As the Minister is bringing in further provision for registration, then, as my hon. Friend the Member for Edge Hill (Mr. A. J. Irvine) said, I suppose that the Registrar and the Board of Trade have in mind the bringing on of these agreements under the draft Order before the courts and that, therefore, they can see, and have in view, the ending of the hearings under the Order which has already been passed. Is that so? Have they obtained a calculation of the time when agreements already registered will have completed their hearing before the courts? If that is so, we should like to know what date or what appproximate time they have in mind.

Or are they just coming to the House to ask for this Order to be approved while having no idea of when they will complete the hearing of the agreements which have already been registered? If that is so, are they doing it because, as the Parliamentary Secretary so touchingly explained to us, the registration of the agreements will lead to some modifications or alterations, although he does not know what modifications or alterations, or for what purpose they are made, or what effect they will have on the restrictive practices?

I was a little concerned that the Parliamentary Secretary referred to the Registrar's willingness to see persons who were involved in agreements which, as he said, were borderline cases. The important question about that is, for what purpose will the Registrar see them about the borderline cases? I hope that the practice will not develop of the Registrar's advising them about what is registrable or what is not, in the so-called borderline cases, and on which apparently there is some doubt. Under the Act agreements are either within the Act or they are not within the Act. If they are within the Act they have to be registered. If they are outside the Act they need not be registered. It is only the Court which can decide in difficult cases of the application of the Act whether an agreement is within the Act or not within the Act.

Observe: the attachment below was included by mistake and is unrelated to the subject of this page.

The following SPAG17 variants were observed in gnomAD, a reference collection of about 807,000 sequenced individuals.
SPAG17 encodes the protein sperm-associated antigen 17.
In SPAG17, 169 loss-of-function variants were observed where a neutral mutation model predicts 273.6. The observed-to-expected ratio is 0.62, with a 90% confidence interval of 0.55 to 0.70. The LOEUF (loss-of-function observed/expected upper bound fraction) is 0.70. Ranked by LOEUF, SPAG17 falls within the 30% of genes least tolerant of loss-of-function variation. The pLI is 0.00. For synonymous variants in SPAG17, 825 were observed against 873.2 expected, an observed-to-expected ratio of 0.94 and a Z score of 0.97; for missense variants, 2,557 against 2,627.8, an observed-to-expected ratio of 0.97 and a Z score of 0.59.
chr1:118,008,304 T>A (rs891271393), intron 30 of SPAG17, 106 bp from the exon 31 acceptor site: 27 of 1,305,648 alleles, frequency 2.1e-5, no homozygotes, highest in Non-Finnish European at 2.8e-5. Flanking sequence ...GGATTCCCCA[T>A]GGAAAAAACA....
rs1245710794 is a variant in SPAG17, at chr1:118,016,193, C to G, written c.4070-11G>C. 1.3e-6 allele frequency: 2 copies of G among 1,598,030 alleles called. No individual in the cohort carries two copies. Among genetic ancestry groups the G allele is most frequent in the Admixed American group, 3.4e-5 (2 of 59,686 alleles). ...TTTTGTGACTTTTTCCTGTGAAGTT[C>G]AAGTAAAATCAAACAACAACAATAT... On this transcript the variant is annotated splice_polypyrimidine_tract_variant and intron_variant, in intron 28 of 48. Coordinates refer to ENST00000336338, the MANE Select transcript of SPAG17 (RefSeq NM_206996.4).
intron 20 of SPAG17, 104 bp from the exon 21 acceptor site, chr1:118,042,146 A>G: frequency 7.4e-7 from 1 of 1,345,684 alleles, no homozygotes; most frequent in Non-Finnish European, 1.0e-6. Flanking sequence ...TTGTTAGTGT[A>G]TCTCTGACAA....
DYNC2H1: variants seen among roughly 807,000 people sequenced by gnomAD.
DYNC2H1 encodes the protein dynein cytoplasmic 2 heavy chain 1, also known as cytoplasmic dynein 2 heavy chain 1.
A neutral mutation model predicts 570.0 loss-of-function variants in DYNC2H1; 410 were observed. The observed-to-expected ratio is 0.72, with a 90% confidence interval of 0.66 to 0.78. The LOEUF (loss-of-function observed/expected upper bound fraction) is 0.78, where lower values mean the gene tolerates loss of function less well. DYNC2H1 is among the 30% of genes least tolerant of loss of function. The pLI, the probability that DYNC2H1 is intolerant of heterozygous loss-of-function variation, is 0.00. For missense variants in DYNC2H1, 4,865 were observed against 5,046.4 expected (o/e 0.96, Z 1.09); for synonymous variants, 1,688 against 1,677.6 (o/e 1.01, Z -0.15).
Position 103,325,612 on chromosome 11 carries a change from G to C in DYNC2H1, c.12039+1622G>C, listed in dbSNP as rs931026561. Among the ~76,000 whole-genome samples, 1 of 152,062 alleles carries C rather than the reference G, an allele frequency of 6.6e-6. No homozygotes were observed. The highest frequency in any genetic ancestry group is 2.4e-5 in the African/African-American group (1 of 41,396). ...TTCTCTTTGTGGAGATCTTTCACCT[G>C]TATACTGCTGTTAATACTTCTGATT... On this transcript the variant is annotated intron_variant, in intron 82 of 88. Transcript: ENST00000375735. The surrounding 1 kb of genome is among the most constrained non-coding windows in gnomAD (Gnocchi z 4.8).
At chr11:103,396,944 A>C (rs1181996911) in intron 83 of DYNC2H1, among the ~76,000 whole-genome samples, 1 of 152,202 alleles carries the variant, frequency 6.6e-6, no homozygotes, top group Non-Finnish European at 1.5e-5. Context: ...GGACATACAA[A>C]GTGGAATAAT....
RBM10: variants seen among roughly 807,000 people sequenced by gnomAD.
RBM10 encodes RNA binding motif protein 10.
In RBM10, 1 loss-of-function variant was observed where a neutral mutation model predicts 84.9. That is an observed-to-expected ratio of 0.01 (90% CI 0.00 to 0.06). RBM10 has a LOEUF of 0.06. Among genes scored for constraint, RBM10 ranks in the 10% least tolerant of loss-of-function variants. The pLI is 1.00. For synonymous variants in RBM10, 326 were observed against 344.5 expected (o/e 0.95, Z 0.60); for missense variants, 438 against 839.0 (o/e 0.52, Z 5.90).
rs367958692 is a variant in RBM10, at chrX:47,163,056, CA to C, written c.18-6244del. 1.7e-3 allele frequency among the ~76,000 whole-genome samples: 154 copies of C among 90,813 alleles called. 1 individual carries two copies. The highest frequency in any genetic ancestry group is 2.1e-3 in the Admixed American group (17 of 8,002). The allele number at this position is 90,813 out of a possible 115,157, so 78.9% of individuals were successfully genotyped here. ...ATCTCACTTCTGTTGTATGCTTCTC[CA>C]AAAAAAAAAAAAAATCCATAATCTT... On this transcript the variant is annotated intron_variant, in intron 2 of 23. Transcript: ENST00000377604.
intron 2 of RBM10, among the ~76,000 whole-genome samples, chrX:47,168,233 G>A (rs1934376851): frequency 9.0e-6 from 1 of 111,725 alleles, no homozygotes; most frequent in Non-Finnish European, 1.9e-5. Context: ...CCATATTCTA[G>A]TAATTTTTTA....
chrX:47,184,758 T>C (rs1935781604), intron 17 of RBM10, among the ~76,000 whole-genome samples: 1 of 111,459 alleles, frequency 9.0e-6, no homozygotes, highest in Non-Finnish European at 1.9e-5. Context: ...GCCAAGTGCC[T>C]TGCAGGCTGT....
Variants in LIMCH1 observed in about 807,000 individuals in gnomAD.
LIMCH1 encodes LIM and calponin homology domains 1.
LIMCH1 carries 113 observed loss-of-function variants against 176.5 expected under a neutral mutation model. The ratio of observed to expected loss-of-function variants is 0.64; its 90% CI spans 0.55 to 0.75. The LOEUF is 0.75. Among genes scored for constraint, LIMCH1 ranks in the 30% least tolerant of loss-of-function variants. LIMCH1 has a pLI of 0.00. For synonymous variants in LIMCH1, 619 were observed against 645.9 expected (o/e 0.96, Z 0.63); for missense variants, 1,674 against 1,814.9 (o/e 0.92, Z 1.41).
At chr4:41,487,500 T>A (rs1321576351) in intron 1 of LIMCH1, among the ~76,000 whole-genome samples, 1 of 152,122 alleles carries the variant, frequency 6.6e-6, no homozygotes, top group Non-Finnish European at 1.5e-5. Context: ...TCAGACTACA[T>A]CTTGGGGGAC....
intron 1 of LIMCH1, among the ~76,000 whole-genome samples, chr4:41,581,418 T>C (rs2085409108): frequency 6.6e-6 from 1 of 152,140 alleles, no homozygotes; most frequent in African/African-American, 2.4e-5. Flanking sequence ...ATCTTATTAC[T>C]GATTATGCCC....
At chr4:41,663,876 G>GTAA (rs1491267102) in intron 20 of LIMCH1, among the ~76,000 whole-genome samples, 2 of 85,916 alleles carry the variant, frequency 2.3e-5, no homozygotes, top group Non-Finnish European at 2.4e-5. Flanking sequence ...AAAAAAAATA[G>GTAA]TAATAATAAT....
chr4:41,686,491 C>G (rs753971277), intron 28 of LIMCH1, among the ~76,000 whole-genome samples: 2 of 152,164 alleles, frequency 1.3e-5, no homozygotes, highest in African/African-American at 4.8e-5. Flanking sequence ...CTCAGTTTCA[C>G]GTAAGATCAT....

I personally would not welcome—I am sure that hon. Members on both sides of the House would not welcome—the building into the registry under the Act of some form of discretion in practice which is not given by the Act. I was a little concerned when the Parliamentary Secretary referred to that, and perhaps he would be good enough to clear up that question. I hope that there is no danger of anything of that sort developing.

I know that Ministers, no matter which party happens to be in power, are always under pressure for a discretion to be exercised even when no discretion is given. If a discretion were exercised it would be the recognition in the Civil Service of a legislative capacity which should not rest there at all. Therefore, all those who are so concerned, as so many hon. Members on both sides of the House are concerned, about delegated legislation should be all the more concerned to see that delegation is not exercised when there is not even legislation for it. I hope, therefore, that the hon. Gentleman will cause these little doubts, which I have in my mind as the result of his observations, to evaporate when he replies to the debate.